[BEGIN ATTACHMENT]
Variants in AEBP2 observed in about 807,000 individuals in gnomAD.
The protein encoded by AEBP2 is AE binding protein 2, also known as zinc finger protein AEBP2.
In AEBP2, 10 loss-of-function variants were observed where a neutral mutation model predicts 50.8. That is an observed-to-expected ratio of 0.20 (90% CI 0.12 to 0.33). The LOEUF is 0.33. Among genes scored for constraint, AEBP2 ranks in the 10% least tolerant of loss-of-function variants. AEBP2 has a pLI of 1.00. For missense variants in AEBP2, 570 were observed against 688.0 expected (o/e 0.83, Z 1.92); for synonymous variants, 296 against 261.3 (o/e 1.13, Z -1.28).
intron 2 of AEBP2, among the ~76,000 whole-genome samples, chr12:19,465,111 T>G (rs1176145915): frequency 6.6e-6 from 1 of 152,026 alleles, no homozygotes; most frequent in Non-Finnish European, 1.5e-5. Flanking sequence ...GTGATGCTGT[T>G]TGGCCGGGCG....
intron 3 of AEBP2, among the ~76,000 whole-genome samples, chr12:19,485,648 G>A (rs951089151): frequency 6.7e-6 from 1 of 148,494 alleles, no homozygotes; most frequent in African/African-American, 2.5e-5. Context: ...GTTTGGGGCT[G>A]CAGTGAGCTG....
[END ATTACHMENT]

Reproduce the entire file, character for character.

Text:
Variants in AEBP2 observed in about 807,000 individuals in gnomAD.
The protein encoded by AEBP2 is AE binding protein 2, also known as zinc finger protein AEBP2.
In AEBP2, 10 loss-of-function variants were observed where a neutral mutation model predicts 50.8. That is an observed-to-expected ratio of 0.20 (90% CI 0.12 to 0.33). The LOEUF is 0.33. Among genes scored for constraint, AEBP2 ranks in the 10% least tolerant of loss-of-function variants. AEBP2 has a pLI of 1.00. For missense variants in AEBP2, 570 were observed against 688.0 expected (o/e 0.83, Z 1.92); for synonymous variants, 296 against 261.3 (o/e 1.13, Z -1.28).
intron 2 of AEBP2, among the ~76,000 whole-genome samples, chr12:19,465,111 T>G (rs1176145915): frequency 6.6e-6 from 1 of 152,026 alleles, no homozygotes; most frequent in Non-Finnish European, 1.5e-5. Flanking sequence ...GTGATGCTGT[T>G]TGGCCGGGCG....
intron 3 of AEBP2, among the ~76,000 whole-genome samples, chr12:19,485,648 G>A (rs951089151): frequency 6.7e-6 from 1 of 148,494 alleles, no homozygotes; most frequent in African/African-American, 2.5e-5. Context: ...GTTTGGGGCT[G>A]CAGTGAGCTG....